I'm starting to notice that we each are developing a style by which we choose our ingredients. With weeks like kale, corn, zucchini and squash, your picks are usually heavy hitting staple items that easily can be the star of a dish. Interestingly enough, you've stuck only to produce.
I, on the other hand, seem to have almost the opposite approach. Of course this was unintentional, but my choices, such as blue cheese, avocado, garlic and cinnamon are almost NEVER spotlighted in a dish. Instead they hide in the background creating depth or are added on top just to enhance a dish. I wonder what our ingredient choices say about us? And more importantly, I wonder how we will choose ingredients from here on out having identified our styles.
But, I digress. I''m here to chat about cinnamon this week. It's hard to choose a dish that highlights all the subtleties of cinnamon - should I go savory or sweet? spicy or delicate? Well since I have an incredible sugar addiction (I'd call it a sweet tooth, but I'd be grossly under representing the power sugar has over me) I think the answer is pretty obvious. Sugary and delicate it is. And what's more sugary and delicate that a cinnamon sugar doughnut?
I got this recipe for baked doughnuts from Heidi at 101 Cookbooks. It's an unusual find actually, as it contains a good dose of the three things she tries not to use often - white flour, white sugar and salt. It's definitely worth the indulgence though - and if you have to justify it, just tell yourself they are baked instead of fried.
I first attempted to make these doughnuts with my friend, Rachel. We turned it into an after work project on Thursday and ate dinner while the dough proofed. But I think a combination of variables -milk that was too hot, a kitchen that was too cold - may have killed the yeast and the result was more of a cinnamon sugar bagel than a doughnut. Nonetheless, it was a delicious bagel. And since Rachel and I both are trying to improve our baking skills, we considered it a lesson learned.
But by Saturday I was still thinking about what went wrong with our doughnuts. It was an unusually warm day and I already planned to go to the store, so I decided to attempt them again. I used a candy thermometer I bought for the French/Belgian fry post to monitor the hot liquids and I left the dough to proof in very warm place. And it worked! The dough rose beautifully.
After I made the doughnut shapes from the proofed dough, I left half the dough out to rise on top of the oven and put the other half of the doughnuts in the fridge so I could bake them the next day. After a successful night out on the town Saturday night, Kristen and I popped the proofed doughnuts in the oven (at 2am) and had a delish midnight snack. The following day, I baked off the rest of the dough and brought the goods to a painting party at Kelly's new condo. Both days, they were a real crowd pleaser - although I have to say the sooner you eat them out of the oven, the better they are.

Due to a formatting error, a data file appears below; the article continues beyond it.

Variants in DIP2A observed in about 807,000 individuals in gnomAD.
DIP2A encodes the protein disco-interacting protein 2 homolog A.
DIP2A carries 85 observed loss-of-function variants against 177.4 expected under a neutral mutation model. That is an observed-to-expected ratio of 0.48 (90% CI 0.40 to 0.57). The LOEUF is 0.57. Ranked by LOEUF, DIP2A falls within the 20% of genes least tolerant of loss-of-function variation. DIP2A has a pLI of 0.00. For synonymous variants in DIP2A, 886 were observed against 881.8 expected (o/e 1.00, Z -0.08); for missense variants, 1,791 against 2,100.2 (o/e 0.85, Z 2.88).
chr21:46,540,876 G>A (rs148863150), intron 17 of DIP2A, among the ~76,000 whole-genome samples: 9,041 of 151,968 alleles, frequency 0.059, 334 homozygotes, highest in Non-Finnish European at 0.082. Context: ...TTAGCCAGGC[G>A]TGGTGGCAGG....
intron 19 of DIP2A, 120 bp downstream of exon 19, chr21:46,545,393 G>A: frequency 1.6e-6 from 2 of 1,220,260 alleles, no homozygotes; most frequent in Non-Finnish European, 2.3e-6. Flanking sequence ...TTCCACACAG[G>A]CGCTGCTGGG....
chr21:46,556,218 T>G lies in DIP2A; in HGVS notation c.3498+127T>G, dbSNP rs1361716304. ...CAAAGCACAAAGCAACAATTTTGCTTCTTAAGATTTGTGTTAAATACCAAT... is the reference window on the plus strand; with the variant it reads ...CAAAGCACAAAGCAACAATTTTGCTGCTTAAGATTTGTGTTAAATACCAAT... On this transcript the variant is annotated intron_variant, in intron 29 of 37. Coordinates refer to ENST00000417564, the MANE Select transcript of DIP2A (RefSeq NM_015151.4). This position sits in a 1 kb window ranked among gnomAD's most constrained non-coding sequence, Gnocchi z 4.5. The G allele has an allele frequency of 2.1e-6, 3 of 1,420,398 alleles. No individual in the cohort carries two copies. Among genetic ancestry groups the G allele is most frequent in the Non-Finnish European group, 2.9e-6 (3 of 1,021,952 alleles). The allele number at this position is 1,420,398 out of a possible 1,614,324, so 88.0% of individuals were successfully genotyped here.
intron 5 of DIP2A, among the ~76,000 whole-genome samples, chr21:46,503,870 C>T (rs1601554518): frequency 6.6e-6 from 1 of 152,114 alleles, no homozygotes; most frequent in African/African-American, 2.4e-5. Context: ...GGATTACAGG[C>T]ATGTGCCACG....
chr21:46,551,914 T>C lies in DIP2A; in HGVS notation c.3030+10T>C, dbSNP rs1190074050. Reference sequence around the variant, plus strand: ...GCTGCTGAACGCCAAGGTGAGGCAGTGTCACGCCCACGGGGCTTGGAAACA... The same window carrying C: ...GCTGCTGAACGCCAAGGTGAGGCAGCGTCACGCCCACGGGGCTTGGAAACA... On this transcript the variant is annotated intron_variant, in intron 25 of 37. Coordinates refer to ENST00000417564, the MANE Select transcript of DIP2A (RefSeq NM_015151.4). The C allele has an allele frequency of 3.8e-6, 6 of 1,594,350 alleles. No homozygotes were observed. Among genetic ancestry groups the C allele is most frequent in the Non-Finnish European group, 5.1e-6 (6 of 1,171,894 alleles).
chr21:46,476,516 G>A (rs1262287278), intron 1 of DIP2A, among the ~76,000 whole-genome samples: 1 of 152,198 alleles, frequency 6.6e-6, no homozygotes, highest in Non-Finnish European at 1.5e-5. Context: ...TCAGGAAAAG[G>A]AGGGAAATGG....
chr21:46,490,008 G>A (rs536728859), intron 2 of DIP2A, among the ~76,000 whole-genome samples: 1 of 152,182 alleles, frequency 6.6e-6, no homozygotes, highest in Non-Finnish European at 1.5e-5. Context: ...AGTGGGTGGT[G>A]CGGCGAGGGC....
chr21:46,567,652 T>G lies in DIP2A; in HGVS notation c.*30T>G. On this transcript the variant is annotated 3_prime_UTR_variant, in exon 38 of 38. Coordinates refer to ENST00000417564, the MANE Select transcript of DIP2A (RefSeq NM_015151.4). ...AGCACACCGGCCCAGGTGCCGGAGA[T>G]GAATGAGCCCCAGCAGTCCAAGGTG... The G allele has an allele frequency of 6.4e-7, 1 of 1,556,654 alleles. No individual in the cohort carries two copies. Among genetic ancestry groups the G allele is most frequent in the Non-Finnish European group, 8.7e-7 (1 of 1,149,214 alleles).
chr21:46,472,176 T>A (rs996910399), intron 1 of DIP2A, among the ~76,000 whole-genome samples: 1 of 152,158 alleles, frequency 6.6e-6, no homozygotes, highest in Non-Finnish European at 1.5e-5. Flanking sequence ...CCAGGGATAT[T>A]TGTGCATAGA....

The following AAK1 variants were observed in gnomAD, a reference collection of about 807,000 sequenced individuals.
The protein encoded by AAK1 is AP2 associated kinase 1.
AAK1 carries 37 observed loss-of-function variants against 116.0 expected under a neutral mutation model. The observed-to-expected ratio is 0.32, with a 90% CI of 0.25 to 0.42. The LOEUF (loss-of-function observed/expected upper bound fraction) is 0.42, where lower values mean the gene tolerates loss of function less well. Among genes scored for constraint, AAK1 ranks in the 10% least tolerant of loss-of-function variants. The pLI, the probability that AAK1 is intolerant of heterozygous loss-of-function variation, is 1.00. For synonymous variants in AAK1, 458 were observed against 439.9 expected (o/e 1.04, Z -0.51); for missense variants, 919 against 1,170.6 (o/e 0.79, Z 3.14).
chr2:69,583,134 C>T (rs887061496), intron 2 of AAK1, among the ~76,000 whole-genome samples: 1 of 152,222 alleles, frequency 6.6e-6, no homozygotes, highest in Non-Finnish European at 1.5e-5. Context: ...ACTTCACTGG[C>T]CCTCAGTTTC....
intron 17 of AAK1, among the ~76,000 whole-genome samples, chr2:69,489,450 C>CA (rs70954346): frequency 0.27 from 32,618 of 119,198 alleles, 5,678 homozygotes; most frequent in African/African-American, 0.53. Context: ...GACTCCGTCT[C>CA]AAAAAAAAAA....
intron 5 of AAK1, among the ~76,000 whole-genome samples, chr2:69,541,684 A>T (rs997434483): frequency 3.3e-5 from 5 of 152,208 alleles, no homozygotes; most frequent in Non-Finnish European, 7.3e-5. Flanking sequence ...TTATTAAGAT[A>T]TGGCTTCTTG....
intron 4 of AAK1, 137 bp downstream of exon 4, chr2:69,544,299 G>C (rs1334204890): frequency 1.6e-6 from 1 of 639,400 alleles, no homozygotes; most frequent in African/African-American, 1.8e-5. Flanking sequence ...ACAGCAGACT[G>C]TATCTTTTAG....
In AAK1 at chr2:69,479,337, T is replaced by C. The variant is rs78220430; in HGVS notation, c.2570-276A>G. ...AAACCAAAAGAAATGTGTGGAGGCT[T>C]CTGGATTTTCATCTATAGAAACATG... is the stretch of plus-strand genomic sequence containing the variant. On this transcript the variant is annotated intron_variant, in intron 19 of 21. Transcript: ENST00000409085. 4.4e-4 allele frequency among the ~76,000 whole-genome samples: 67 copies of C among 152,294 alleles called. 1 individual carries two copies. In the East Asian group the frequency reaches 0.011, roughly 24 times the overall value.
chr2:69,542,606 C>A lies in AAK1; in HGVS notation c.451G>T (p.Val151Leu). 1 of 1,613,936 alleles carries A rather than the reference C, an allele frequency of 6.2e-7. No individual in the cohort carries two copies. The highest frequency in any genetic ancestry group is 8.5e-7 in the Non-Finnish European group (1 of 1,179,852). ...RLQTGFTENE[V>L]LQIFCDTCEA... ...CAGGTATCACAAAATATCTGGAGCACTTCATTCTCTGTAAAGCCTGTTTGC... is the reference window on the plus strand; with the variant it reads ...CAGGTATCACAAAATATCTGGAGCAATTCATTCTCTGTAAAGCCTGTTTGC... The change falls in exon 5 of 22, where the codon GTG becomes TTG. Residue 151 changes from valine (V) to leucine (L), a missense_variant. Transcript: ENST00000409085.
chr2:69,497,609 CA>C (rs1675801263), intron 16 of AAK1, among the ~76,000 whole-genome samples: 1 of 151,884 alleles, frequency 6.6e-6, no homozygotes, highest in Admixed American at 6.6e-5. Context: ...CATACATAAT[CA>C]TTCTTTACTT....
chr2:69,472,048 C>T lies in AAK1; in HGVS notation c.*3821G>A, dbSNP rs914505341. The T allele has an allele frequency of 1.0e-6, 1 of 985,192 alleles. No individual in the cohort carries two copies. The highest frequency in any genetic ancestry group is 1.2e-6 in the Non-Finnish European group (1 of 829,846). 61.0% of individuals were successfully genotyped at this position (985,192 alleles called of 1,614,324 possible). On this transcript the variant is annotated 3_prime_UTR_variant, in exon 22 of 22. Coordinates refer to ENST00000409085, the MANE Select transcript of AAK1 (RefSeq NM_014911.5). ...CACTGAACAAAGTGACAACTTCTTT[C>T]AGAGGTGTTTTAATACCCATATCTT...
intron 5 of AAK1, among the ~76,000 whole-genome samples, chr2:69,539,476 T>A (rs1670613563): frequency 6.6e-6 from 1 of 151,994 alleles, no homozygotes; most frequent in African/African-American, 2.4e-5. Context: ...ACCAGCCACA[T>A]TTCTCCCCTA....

Baked Cinnamon Sugar Doughnuts
Don't over bake these, if anything, under bake them a bit - they will continue baking outside the oven for a few minutes. You want an interior that is moist and tender - not dry. Also, be sure to cut big enough holes in the center of your doughnuts - too small and they will bake entirely shut. Remember they rise, and they rise even more when they are baking. These really need to be made-to-order, but you can make and shape the dough the night before if you want to serve them for brunch. Instructions: after shaping, place doughnuts on baking sheet, cover and place in the refrigerator overnight. Pull them out an hour before baking, and let rise in a warm place before baking.
1 1/3 cups warm milk, 95 to 105 degrees (divided)
1 packet active dry yeast (2 1/4 tsp)
2 tbsp butter
2/3 cup sugar
5 cups all-purpose flour (alternately, white whole wheat might work - haven't tried it yet)
a pinch or two of nutmeg, freshly grated
1 tsp fine grain sea salt
1/2 cup unsalted butter, melted
1 1/2 cups sugar
1 tbsp cinnamon
Place 1/3 cup of the warm milk in the bowl of an electric mixer. Stir in the yeast and set aside for five minutes or so. Be sure your milk isn't too hot or it will kill the yeast. Stir the butter and sugar into the remaining cup of warm milk and add it to the yeast mixture. With a fork, stir in the eggs, flour, nutmeg, and salt - just until the flour is incorporated. With the dough hook attachment of your mixer beat the dough for a few minutes at medium speed. This is where you are going to need to make adjustments - if your dough is overly sticky, add flour a few tablespoons at a time. Too dry? Add more milk a bit at a time. You want the dough to pull away from the sides of the mixing bowl and eventually become supple and smooth. Turn it out onto a floured counter-top, knead a few times (the dough should be barely sticky), and shape into a ball.
Transfer the dough to a buttered (or oiled) bowl, cover, put in a warm place (I turn on the oven at this point and set the bowl on top), and let rise for an hour or until the dough has roughly doubled in size.
Punch down the dough and roll it out 1/2-inch thick on your floured countertop. Most people (like myself) don't have a doughnut cutter, instead I use a 2-3 inch cookie cutter to stamp out circles. Transfer the circles to a parchment-lined baking sheet and stamp out the smaller inner circles using a smaller cutter. If you cut the inner holes out any earlier, they become distorted when you attempt to move them. Cover with a clean cloth and let rise for another 45 minutes.
Bake in a 375 degree oven until the bottoms are just golden, 8 to 10 minutes - start checking around 8. While the doughnuts are baking, place the butter in a medium bowl. Place the sugar and cinnamon in a separate bowl.
Remove the doughnuts from the oven and let cool for just a minute or two. Dip each one in the melted butter and a quick toss in the sugar bowl. Eat immediately if not sooner.